Think about endings. They’re necessary, of course, but suffocating. An ending is a constraint; scripts need third acts, series need finales. That’s the convention we’ve accepted, and it’s one we’ve adhered to, fastidiously. But to consider the thrilling possibility of ambiguity — that maybe not every event needs a logical conclusion, not every question needs an answer — is to entertain the taboo. Is a television show’s final season worthwhile if, by the end of it, some threads remain loose? Does a purposefully reticent final act render the entire journey, well, pointless?

Here’s the thing, though: “The Leftovers” is, in every sense of the word, art. And its final season is nothing short of stunning. It’s thrilling and ambitious, frustratingly brilliant and emotionally draining, an artistic achievement that both celebrates and challenges the medium in equal measure. With my sincere apologies to “The Americans,” “Veep” and “Fargo,” “The Leftovers” is unquestionably the best show on TV.

So, in short, no — I don’t really care to find out where everyone went on October 14. I’m more challenged by the innumerable new questions the series poses than its original, big one. And by all available accounts, so too is the show. Perhaps Damon Lindelof learned from “Lost” ’s infamous firestorm of an ending. Maybe he, like Kevin (Justin Theroux, “The Girl On The Train”) in last season’s awe-inspiring “International Assassin, ” had to endure some sort of narrative purgatory to come out on the other side renewed, invigorated, ready to confront his demons.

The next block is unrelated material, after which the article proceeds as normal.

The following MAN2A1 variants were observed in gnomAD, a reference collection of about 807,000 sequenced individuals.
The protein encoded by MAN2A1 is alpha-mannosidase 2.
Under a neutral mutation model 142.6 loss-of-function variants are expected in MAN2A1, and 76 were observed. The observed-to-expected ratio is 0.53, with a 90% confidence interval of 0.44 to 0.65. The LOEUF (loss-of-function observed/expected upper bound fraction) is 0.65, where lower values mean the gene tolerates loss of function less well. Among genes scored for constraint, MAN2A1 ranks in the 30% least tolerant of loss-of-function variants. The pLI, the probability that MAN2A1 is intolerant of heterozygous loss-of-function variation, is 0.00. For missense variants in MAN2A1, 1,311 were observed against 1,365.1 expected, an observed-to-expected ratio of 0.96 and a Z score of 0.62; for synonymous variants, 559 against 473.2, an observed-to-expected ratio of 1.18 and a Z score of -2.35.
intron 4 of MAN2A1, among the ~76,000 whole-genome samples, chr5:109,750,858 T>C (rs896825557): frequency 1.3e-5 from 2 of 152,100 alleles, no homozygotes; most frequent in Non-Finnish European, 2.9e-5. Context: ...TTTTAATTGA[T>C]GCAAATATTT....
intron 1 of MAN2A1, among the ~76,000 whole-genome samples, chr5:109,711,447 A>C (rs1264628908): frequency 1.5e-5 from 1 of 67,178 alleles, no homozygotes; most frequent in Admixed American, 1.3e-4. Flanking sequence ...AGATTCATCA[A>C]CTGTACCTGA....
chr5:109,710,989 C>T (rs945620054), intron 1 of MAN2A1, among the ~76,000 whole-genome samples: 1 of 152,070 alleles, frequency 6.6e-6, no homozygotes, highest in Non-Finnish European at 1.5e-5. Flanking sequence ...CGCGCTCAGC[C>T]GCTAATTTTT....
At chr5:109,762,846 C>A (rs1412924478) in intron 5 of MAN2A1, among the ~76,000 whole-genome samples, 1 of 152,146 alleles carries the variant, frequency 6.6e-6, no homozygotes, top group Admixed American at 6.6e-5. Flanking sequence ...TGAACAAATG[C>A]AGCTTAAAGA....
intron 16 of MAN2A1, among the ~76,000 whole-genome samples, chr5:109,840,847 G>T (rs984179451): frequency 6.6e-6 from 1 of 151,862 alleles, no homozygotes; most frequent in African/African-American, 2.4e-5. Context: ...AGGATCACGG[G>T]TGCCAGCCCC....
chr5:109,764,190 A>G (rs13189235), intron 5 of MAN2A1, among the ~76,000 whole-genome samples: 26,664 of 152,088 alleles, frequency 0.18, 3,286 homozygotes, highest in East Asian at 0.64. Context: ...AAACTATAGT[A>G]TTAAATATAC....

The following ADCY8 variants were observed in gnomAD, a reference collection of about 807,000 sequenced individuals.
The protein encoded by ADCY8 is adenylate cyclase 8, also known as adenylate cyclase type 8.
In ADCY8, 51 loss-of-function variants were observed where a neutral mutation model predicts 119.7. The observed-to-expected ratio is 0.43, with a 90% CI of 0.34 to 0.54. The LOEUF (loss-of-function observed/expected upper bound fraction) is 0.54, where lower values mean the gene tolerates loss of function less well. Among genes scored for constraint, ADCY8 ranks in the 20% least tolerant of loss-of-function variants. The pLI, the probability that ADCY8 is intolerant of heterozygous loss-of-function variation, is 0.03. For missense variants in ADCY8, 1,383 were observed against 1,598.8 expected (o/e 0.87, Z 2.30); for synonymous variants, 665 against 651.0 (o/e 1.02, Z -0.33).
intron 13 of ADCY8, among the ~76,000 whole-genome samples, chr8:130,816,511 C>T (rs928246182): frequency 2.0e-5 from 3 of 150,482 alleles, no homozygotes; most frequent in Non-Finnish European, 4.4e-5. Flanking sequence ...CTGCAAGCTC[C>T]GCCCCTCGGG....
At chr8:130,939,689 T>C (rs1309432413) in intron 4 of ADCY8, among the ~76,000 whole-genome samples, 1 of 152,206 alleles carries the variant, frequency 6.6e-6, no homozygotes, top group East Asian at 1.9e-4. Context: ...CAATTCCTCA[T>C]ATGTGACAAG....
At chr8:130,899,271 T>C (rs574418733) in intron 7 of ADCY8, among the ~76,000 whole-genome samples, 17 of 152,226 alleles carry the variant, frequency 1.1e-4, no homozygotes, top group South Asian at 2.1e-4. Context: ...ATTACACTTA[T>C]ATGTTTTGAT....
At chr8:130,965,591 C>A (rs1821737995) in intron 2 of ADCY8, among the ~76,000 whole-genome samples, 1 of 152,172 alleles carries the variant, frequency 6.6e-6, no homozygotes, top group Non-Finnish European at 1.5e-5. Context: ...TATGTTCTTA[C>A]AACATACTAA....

This line of thinking, one of closure and acceptance, extends to the show’s characters, as well. Each principal character — from Kevin, who must now reconcile with his bizarre Messiah-like stature, to Matt (Christopher Eccleston, “Legend”), the preacher who seems constantly put-upon by his own God, to Nora (Carrie Coon, “Gone Girl”), from whom life seems to be constantly taking away, and without justification — is grappling with his/her own existential struggles. Just as the show’s creators deny us any form of concrete resolution, so too do the writers refuse to let their characters off the hook.

Since its first season, the principals on “The Leftovers” have been stuck in a world that now makes no sense, unforgiving and ultimately devoid of meaning, while everyone around them tries to continue their lives as normally as they can. Death, and dealing with its fallout, is comparatively easy; what do you do when there is no body to bury and no biological process as explanation? What is the point of grief, of trauma, of this condition of inherent dissatisfaction, when you will never find the answers you so desperately seek? There are no documented seven stages to squeeze yourself through, and “coping mechanisms” take on new meaning. In the show’s new season, we’re alternately treated to people suffocating themselves with plastic bags and slamming car doors on their own arms. It’s all bizarre, and it’s all just to feel something.